August 5, 2008
What’s the highest-grossing event in the history of Target Center in Minneapolis? The T-Wolves/Lakers Western Conference Finals, U2, Prince or Hannah Montana all would be excellent guesses. But I’m hearing all of those high-profile events are expected to be knocked out tomorrow night by the Ultimate Fighting Championship (UFC).
Once viewed as a barbaric activity that took place at dingy old venues like the local armory, mixed martial arts (MMA) is far more regulated than in its early days and has gained serious momentum as a legitimate sport. If you haven’t noticed, or are simply too squeamish to look, it has become quite popular, particularly with the important 18-49 male demographic.
The Target Center event is sold out locally and will be watched by thousands of fans around the country via pay-per-view at a cost of $45. I’ve been paying attention for a while, but even I’m blown away by the ticket prices – main floor seating is $600 (before Ticketmaster’s “convenience charges”) and most upper level seats are in the $250 range.
So how did MMA make such a leap?
Well, MMA bouts are perfect in an age of short attention spans – usually three, five-minute rounds of incredibly fast-paced action instead of 10 or 12 rounds in a boxing match – but the real magic has been solid marketing efforts, a ton of TV exposure and a growing sponsor base.
It’s hard to flip through the channels without seeing MMA on TV and ratings have been strong. UFC fights on Spike TV are routinely among the most-watched programs on cable and CBS recently began broadcasting events from Elite XC (a rival organization of the UFC) during primetime on Saturday nights. In addition, you can see fights on Versus, FOX Sports Net and Showtime, among others.
And, “The Ultimate Fighter” has become a hit reality show – providing big ratings for Spike TV and huge exposure for the UFC as it enters its 8th season of searching for the best unsigned fighters. Some of the sport’s top stars also have been showing up where you’d least expect them. For example, Tito Ortiz had a lengthy stint on “The Celebrity Apprentice,” Chuck “The Iceman” Liddell starred in an episode of HBO’s “Entourage” and heavyweight Kimbo Slice became a phenomenon on YouTube before ever turning professional. Highlights of some title fights are even being covered by ESPN’s “SportsCenter.”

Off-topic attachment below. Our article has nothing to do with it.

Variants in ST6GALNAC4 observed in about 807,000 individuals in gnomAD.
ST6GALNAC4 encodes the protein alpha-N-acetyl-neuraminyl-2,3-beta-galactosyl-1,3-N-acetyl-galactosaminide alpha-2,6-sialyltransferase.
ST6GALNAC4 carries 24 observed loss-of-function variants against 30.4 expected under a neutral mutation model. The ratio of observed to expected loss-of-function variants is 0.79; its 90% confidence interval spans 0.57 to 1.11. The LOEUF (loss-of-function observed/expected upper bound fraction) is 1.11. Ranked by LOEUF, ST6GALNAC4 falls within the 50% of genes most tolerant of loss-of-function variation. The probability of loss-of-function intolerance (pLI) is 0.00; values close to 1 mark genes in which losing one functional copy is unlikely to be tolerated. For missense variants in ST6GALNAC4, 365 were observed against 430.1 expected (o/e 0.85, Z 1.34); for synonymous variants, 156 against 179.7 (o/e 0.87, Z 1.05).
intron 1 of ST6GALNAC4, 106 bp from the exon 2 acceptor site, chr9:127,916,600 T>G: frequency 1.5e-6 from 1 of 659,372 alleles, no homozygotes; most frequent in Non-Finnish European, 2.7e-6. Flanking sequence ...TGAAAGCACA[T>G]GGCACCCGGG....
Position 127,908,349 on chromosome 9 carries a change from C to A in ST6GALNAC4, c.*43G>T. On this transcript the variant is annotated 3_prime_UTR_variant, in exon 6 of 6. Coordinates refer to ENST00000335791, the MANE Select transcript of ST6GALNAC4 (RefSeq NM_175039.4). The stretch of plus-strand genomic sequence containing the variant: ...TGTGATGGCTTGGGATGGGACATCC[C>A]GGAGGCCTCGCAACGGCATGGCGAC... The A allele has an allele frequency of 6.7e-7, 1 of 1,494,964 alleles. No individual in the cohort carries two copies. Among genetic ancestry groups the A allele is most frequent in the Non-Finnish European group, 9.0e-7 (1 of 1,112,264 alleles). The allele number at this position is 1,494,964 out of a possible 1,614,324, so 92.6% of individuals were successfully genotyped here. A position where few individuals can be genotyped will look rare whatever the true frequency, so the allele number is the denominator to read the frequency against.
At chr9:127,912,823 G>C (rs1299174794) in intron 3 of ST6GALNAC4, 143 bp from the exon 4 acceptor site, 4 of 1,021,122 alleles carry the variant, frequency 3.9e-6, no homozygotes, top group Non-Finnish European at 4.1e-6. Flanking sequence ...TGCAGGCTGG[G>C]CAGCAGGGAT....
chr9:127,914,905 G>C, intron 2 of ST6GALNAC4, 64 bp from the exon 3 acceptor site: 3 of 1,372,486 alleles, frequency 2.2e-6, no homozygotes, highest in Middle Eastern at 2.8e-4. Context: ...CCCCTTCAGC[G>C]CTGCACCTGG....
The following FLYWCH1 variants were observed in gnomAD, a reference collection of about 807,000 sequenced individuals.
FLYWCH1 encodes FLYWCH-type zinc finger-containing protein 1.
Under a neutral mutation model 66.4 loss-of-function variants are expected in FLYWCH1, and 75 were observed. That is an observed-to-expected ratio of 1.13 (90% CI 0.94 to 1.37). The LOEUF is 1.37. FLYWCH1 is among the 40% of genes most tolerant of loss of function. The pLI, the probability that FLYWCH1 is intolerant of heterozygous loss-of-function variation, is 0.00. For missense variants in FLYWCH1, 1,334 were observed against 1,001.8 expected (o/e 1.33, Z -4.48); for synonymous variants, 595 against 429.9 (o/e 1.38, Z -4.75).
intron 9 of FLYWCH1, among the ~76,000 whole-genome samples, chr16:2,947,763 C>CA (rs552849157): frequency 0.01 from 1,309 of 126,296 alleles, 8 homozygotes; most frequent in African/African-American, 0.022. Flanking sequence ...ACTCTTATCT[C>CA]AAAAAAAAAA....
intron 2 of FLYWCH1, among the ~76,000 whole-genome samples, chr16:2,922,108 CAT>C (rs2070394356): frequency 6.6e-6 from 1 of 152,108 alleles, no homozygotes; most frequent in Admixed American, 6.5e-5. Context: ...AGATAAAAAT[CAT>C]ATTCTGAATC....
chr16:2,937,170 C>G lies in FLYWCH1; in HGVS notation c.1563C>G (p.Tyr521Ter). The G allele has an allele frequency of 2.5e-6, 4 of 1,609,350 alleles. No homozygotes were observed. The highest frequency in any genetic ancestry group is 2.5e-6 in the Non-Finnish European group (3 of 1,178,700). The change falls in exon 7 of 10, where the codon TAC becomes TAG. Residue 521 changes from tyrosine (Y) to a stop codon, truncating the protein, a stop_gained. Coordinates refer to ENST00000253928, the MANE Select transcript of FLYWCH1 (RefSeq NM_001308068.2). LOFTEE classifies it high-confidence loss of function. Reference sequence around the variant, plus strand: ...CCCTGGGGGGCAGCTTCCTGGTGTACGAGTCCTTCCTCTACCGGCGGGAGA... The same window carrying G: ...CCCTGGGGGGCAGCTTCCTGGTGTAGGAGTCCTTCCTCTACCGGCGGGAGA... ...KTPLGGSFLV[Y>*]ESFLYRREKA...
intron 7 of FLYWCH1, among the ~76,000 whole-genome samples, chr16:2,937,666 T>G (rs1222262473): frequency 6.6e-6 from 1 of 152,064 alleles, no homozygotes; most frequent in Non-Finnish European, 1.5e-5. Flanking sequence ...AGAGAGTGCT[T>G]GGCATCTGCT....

As the fan base has grown, the sponsors have become bigger and more sophisticated. It’s not just blood from some poor fighter’s head wound covering the mat, but logos for brands like Budweiser and Harley-Davidson. MMA is never going to be a mainstream sport, but if you’re a marketer looking to reach young, blue collar guys, you ought to be paying attention and jump in while it’s still on the rise.
We’re always kicking around ideas, so we couldn’t help but take five minutes to have fun with a little brainstorming. Thought we’d share a few:
1) Hershey’s Extra Dark “Shot in the Dark Match” – staged with the lights turned out in the arena and the fighters wearing glow-in-the dark gloves, trunks and body paint.
2) Ford Trucks “Built Ford Tough Mobile Matches” – fashion a makeshift cage in the back of a new extended cab pickup truck and create a guerrilla marketing spectacle by traveling to high-traffic events with fighters brawling in the back.
3) Bud Light “Tough Guy Tap Out” – A lighthearted event featuring celebrities entering the cage with some of the world’s toughest MMA fighters and money going to charity for every second they last before “tapping out” from a submission hold. Of course, plenty of free Bud Light would be on tap for spectators.
4) Lids.com “Search For America’s Ugliest Cauliflower Ear” – Cauliflower Ear is a badge of honor for some guys, while others just look at it and cringe. I say let’s create an online contest judged by MMA fighter James Thompson, the man with the most outrageous ear I’ve ever seen.
Which idea do you think would create the most buzz?